As many young Jews go off to college this month, they will find themselves struggling to answer an age-old question during “who are you” first conversations with non-Jewish friends. They might ask, politely, curiously, “are Jews part of a religion or more of an ethnic group?” The answer to this question – which many Jews also find confusing – is yes. One of the great identity anomalies for North American Jews today is that while so many define Judaism as their religion, most modern Jews do not follow the Jewish religion scrupulously. However, these “non-religious” Jews – in traditional terms – are deeply Jewish, because Jewish identity involves belonging to a people, nationall­y, ethnically, culturally, historically, and spiritually. The notion of the “Judeo-Christian ethic” treats Judaism as a parallel religion to Christianity. Yet, although Judaism and Christianity share many Biblical values, the Jewish peoplehood dimension has no parallel in Christianity.

Wherever you start the story of Judaism, that peoplehood dimension exists. In B’reisheit, Genesis Chapter 12, after God renames Abram “Abraham,” God’s covenant, based on Abraham leaving his “father’s house” and going to the Promised Land where “I will make of you a great nation,” does not just create a religion. The exodus from Egyptian slavery that Jews celebrate on Passover every year constitutes a great moment of both national liber­ation and spiritual redemption. In fact, the Jews became a people on leaving Egypt and only learned the basic tenets of the Jewish religion, meaning Judaism, weeks later when receiving the Ten Commandments at Mount Sinai. And when Ruth the Moabite bonds with her mother-in-law Naomi, she says in1:16, “your people will be my people,” (amech ami) even before she says, “your God, will be my God.” Similarly, the Western Wall is both a sacred remnant linking us to the Holy Temple, and a national shrine, representing the Jewish people’s devastating defeat after the Temple’s destruction, followed 1,900 years later by Israel’s restoration.

For millennia, living in Eretz Yisrael, the land of Israel, or dwelling among other nations as a “people apart” in exile, Jews built their lives around their particular religious beliefs while feeling a part of a particular people. The welcome Jews started enjoying in modern Europe, and especially in America, confused many Jews – and non-Jews – about Jews’ status. To fit into Europe as enlighten­ment and nationalism grew in the 1800s, some Jews started calling Judaism a “religion,” a concept their ancestors would have considered too limiting and alien.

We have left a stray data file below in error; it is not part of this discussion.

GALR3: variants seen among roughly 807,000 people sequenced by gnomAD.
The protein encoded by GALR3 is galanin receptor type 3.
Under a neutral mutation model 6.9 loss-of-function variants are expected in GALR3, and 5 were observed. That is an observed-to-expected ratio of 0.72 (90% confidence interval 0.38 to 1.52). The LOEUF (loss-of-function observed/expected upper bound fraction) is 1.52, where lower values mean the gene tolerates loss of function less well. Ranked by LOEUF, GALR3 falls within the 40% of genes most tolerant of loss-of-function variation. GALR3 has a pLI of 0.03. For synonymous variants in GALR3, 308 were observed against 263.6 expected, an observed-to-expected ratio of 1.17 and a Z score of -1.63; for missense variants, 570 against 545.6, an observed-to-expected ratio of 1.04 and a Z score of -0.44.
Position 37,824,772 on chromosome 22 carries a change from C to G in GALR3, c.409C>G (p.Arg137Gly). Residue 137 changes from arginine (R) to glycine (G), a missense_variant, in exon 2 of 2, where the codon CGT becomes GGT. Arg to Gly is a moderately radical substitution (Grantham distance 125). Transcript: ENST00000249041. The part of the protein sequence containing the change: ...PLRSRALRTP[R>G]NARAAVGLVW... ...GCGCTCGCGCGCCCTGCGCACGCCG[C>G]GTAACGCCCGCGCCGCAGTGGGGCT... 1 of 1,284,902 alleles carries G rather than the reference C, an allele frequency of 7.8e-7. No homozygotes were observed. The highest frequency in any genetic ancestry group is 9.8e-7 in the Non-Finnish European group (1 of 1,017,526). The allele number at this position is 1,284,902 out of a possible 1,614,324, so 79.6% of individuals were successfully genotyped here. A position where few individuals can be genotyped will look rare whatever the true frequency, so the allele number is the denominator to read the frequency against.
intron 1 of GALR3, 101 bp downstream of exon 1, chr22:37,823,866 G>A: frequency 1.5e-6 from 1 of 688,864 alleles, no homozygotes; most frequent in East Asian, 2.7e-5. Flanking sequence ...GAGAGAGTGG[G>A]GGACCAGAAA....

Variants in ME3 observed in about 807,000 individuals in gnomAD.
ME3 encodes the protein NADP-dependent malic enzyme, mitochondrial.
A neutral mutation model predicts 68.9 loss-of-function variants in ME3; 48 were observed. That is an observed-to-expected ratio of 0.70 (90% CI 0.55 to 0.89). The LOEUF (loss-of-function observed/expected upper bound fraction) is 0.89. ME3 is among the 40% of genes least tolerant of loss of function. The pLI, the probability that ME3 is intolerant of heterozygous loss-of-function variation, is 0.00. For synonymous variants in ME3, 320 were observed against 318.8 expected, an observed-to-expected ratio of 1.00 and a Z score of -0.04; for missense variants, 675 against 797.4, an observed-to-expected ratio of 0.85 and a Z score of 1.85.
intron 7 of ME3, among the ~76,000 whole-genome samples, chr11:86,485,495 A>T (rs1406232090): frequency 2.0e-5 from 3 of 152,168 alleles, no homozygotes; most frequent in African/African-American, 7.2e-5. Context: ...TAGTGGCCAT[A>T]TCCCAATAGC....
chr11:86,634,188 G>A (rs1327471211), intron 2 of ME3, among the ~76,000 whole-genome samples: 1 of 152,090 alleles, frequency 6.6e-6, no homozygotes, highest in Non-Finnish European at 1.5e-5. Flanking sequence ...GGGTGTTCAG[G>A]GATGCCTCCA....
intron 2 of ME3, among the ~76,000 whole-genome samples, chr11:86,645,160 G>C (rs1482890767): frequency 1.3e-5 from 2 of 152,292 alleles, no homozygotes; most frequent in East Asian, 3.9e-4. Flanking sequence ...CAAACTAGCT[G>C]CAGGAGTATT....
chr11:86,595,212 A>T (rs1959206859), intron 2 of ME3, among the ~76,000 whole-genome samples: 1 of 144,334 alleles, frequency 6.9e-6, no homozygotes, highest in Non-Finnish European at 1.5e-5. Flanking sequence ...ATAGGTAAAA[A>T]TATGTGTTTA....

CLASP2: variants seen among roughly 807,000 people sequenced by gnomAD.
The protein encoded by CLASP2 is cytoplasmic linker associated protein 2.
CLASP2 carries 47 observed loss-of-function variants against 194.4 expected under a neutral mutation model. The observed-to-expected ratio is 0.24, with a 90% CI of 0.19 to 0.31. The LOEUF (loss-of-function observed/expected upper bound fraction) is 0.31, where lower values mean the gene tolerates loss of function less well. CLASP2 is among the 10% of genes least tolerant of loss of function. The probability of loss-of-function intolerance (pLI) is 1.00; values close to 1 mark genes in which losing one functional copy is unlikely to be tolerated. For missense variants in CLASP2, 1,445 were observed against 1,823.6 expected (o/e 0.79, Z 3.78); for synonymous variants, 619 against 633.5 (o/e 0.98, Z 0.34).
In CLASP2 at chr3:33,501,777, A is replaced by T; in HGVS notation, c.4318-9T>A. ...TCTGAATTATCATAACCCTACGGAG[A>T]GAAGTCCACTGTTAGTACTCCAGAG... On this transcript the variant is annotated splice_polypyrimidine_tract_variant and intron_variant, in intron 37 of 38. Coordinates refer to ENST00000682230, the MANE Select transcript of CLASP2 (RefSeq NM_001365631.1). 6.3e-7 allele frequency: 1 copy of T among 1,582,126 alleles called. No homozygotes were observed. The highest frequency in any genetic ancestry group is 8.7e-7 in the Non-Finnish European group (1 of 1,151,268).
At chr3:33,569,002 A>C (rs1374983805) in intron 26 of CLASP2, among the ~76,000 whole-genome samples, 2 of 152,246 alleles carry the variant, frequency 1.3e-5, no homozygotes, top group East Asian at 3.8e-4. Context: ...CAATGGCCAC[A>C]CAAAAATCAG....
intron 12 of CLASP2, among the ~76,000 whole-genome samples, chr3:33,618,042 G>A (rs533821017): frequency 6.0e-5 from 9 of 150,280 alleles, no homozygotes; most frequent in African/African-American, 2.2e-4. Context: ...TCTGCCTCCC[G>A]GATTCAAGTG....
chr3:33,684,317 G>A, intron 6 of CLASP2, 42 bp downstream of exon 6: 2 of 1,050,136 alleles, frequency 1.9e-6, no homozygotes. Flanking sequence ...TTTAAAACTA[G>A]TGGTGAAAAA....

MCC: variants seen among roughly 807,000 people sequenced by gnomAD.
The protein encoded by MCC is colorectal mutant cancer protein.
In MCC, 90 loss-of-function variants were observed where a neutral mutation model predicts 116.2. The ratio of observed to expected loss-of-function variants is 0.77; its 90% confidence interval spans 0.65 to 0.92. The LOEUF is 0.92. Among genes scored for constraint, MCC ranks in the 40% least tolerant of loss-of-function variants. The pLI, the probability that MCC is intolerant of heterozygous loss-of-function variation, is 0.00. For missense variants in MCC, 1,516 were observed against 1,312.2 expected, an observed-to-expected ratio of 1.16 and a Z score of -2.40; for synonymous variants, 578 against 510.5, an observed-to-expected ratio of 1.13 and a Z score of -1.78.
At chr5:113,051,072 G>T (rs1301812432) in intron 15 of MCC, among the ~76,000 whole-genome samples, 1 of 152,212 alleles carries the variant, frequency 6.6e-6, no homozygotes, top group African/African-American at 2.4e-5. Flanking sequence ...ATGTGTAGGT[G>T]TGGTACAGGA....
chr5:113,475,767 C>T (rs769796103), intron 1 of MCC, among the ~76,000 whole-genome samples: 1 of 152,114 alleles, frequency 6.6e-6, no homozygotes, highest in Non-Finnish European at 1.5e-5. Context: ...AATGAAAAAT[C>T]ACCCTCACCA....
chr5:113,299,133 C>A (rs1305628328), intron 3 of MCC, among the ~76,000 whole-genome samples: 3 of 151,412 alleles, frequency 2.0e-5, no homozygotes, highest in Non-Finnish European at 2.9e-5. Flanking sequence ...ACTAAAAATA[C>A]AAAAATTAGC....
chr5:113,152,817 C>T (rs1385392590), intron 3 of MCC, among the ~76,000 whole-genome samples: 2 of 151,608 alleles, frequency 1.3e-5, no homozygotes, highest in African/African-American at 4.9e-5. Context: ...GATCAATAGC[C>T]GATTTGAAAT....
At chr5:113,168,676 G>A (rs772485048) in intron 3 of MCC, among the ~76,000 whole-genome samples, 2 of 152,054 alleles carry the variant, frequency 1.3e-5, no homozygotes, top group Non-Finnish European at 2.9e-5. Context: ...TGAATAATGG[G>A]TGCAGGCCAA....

By contrast, in liberal, democratic America, Jews were not just a community of faith like Christians, united only by a common theology. Jews were, and are, a people bound by a common history, traced back three thousand years with a common culture and sense of destiny, a common land in Israel, and an overall sense of interconnectedness. Even as they were born in other lands, learned other languages, and embraced other cultures outside of Israel, that sense of commonality remained – and continued to define them.

Many Jewish thinkers began celebrating Judaism’s unique “combination of religion with nationality.” Rabbi Mordechai Kaplan, in his monumental 1934 book Judaism as a Civili­zation, emphasized culture and peoplehood over race or nationhood. This idea took off in the United States, as Americans began to appreciate cultural pluralism, moving beyond the melting pot to multiculturalism.

Zionists usually conceived of the Jews as a people or a nation, as did many American Jews. “Peoplehood,” which meant emphasizing a distinct ethno-cultural experience that could still be patriotic, allowed American Jews to find their own place in the American pageant. Especially after the “Black Power” movement of the 1960s, which inspired many other American groups to assert their ethnic pride, Jews felt comfortable assert­ing themselves collectively as a people, amid the other celebrations of Polish-American Power and Irish-Ameri­can Power and Italian-American Power.

This sense of peoplehood helps explains much about Jewish identity, including that intense family feeling and broad sense of solidarity connected to Jews, not just Judaism. Jewish history, Jewish culture, Jewish food, Jewish civilization, Jewish politics, all emphasize this sense of belonging to a tribe – while trying to make the tribalism transcendent by tapping into a deep, ongoing spiritual, cultural, national, and ethical tradition. During the college years – as well as before and after – this multidimensional identity, for all its confusion, also provides many ways into a rich, exciting Jewish experience.

What’s YOUR take on this?

What does belonging to the Jewish people mean to you? Do you feel more of a Jewish national or religious tie?

Add your comments below!

This post is one in a series of responses to common challenges to Israel’s legitimacy as a Jewish and democratic state.